Occupy 2.0 during Winter Months? Has Movement Gone from Freedom of Speech to Breaking and Entering Including Trespass?



Occupy Goes Home

The movement takes back foreclosed houses after leaving the park

By Nick Pinto
Wednesday, Dec 14 2011

A cold, persistent rain fell on East New York last Tuesday
as a crowd of hundreds snaked its way through the Brooklyn
neighborhood, filled the street, and filed past blocks
scabbed with vacant, boarded buildings.

By design, the front of the procession was dominated by
local residents and community activists. But the bulk of
the crowd was made up of people who had probably never
been so far out on the 3 line before: displaced residents
of Zuccotti Park marching under the banner of Occupy Wall

The marchers made frequent stops outside vacant foreclosed
homes and marked them with black-and-yellow-striped tape
that read “Occupy.” At one stop, a young man named Quincy
stood on a stoop and told the crowd he was slated for
eviction that very day. City Councilmember Charles Barron,
speaking for the crowd, said, “We are not going to let
this young man lose his home today.” Quincy wept.

The final destination of the march was a secret to all but
a few until the crowd turned up Vermont Avenue, where
balloons and banners outside number 702 heralded a
housewarming party.

The previous resident of 702 Vermont had been forced out
three years earlier when his Countrywide Financial
mortgage went into foreclosure after just a year. The
small two-story house has stood vacant ever since, a
dumping ground for construction debris and a source of
concern for neighbors who feared it might turn into a drug

For the past month, Occupy Wall Street activists and their
allies had been vetting foreclosed homes throughout the
city as possible sites for a new kind of occupation. They
settled on 702 Vermont for its easy access and the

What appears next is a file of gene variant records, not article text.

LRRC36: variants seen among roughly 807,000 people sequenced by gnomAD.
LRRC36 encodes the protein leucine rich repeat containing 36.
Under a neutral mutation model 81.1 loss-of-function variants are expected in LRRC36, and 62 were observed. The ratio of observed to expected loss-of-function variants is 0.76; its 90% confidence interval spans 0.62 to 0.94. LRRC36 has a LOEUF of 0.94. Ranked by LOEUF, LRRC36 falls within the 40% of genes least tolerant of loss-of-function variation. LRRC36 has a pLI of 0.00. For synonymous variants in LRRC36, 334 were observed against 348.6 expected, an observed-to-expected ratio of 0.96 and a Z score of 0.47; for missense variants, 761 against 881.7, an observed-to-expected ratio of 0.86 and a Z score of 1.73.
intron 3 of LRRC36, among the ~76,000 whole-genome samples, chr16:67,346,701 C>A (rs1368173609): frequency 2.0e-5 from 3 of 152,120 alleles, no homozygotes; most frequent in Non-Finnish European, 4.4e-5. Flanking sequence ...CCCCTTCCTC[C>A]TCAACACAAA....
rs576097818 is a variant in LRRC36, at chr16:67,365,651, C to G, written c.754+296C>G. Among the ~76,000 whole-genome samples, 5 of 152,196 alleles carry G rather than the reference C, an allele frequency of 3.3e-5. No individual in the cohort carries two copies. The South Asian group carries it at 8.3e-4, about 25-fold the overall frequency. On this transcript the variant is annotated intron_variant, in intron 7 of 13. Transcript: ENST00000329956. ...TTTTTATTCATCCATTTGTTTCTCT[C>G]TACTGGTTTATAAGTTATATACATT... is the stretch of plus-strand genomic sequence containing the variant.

neighborhood’s eagerness to see the home occupied. They
broke into the building three days before the housewarming
party and began preparing it for its new residents.


A rotating cast of Occupy Wall Street volunteers has been
staying on site to support the new residents in case the
police try to kick them out. Hundreds more are ready to
rush to their defense when notified by Twitter or text

The action in East New York was mirrored by dozens of
similar events across the country last Tuesday, and
activists promise more home occupations to come. Together,
the Occupy Our Homes actions represent the movement’s
first major shift in strategy since police evicted
occupations in many cities from their encampments in
public parks last month.

This new strategy presents a much tighter fit between
tactics and message than was seen in OWS 1.0. When Occupy
Wall Street was in Zuccotti Park, the media seized on the
drum circles and sleeping-bag lifestyle to paint a picture
of aimlessness and chaos–Woodstock tipping over into
Altamont. But the occupied homes present a much clearer
narrative: previously homeless families and young
children, put into homes that the bankers’ broken system
had left vacant and rotting for years.

Keep reading here…………


Occupy Wall Street – AMAZING! People reoccupying their foreclosed home!


Does this sound and look familiar?

ACORN Breaks Into Baltimore Homes WJZ.com


“Why y’all have foreclosed apartments…Shouldn’t y’all be fixing it up and giving it to people like us?”

**Statement by individual in first video…..at 0:50 to 0:57 min***

The individual doesn’t worry about breaking the law.

**Breaking and entering.



There are two children in the home:

No Electric

No Water

No furniture seen except mattress on floor


Has the “Occupy” movement gone from freedom of speech to basic anarchism; no respect for laws?





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